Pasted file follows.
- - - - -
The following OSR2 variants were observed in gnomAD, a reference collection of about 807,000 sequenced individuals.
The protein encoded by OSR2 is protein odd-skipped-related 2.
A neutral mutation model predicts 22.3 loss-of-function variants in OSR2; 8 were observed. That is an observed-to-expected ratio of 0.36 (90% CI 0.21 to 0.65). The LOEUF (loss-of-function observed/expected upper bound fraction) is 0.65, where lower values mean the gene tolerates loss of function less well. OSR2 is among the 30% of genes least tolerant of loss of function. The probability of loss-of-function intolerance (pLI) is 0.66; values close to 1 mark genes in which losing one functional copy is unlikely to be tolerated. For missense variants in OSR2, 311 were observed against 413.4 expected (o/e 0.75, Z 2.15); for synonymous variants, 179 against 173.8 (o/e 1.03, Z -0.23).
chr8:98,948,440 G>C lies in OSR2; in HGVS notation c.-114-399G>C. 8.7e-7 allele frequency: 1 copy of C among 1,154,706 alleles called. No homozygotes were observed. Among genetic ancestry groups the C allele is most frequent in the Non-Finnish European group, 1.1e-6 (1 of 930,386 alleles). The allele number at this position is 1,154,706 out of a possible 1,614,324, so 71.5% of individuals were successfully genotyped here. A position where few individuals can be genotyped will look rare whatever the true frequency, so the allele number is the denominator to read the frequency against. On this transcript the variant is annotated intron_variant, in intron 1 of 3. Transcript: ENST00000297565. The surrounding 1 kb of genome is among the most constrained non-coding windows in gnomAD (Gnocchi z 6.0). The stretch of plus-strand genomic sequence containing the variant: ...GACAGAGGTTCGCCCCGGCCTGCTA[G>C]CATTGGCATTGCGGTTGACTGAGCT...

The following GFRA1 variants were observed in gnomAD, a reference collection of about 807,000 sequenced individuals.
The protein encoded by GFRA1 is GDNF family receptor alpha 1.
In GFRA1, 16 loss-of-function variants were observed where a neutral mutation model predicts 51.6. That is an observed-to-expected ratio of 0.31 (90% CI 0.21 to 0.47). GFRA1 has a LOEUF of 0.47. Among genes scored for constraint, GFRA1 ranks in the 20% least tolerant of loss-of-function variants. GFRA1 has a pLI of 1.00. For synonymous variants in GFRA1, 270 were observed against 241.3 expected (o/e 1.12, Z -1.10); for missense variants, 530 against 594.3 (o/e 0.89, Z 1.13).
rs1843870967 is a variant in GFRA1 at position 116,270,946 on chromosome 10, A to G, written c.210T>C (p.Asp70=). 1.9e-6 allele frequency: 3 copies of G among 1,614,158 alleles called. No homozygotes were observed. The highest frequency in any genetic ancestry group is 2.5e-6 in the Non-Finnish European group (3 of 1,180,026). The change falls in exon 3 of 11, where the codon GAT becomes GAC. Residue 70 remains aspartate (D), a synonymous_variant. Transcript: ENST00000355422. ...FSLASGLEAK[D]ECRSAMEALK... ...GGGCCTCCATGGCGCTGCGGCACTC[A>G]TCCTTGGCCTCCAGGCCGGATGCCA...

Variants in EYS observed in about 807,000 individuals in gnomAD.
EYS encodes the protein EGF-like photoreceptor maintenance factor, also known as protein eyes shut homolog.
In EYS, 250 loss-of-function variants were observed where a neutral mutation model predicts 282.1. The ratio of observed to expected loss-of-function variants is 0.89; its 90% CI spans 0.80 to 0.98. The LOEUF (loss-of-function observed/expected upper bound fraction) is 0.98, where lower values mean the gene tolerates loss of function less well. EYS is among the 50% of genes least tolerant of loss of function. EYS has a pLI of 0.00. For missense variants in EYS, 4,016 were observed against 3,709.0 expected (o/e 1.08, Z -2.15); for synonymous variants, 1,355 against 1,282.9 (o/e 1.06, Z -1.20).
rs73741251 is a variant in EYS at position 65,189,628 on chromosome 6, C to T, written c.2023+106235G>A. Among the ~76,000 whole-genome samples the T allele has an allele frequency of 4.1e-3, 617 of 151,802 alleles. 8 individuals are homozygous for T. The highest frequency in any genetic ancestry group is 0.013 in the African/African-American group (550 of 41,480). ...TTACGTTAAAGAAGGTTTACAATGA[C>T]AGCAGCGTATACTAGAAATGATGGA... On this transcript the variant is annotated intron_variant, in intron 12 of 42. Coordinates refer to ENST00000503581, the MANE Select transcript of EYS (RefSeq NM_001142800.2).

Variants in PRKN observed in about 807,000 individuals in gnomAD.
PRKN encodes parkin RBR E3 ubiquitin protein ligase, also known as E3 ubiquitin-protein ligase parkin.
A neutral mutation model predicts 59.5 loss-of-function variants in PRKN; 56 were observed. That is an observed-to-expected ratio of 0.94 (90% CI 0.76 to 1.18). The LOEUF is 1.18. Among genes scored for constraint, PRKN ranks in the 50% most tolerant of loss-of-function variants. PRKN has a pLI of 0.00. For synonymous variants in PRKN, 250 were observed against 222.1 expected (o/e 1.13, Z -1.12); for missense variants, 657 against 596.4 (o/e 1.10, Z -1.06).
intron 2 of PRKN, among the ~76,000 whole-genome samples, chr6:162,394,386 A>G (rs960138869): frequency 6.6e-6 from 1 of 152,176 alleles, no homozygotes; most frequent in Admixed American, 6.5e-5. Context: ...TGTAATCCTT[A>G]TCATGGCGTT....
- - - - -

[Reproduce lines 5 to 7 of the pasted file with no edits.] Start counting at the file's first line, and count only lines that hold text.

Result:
The following GFRA1 variants were observed in gnomAD, a reference collection of about 807,000 sequenced individuals.
The protein encoded by GFRA1 is GDNF family receptor alpha 1.
In GFRA1, 16 loss-of-function variants were observed where a neutral mutation model predicts 51.6. That is an observed-to-expected ratio of 0.31 (90% CI 0.21 to 0.47). GFRA1 has a LOEUF of 0.47. Among genes scored for constraint, GFRA1 ranks in the 20% least tolerant of loss-of-function variants. GFRA1 has a pLI of 1.00. For synonymous variants in GFRA1, 270 were observed against 241.3 expected (o/e 1.12, Z -1.10); for missense variants, 530 against 594.3 (o/e 0.89, Z 1.13).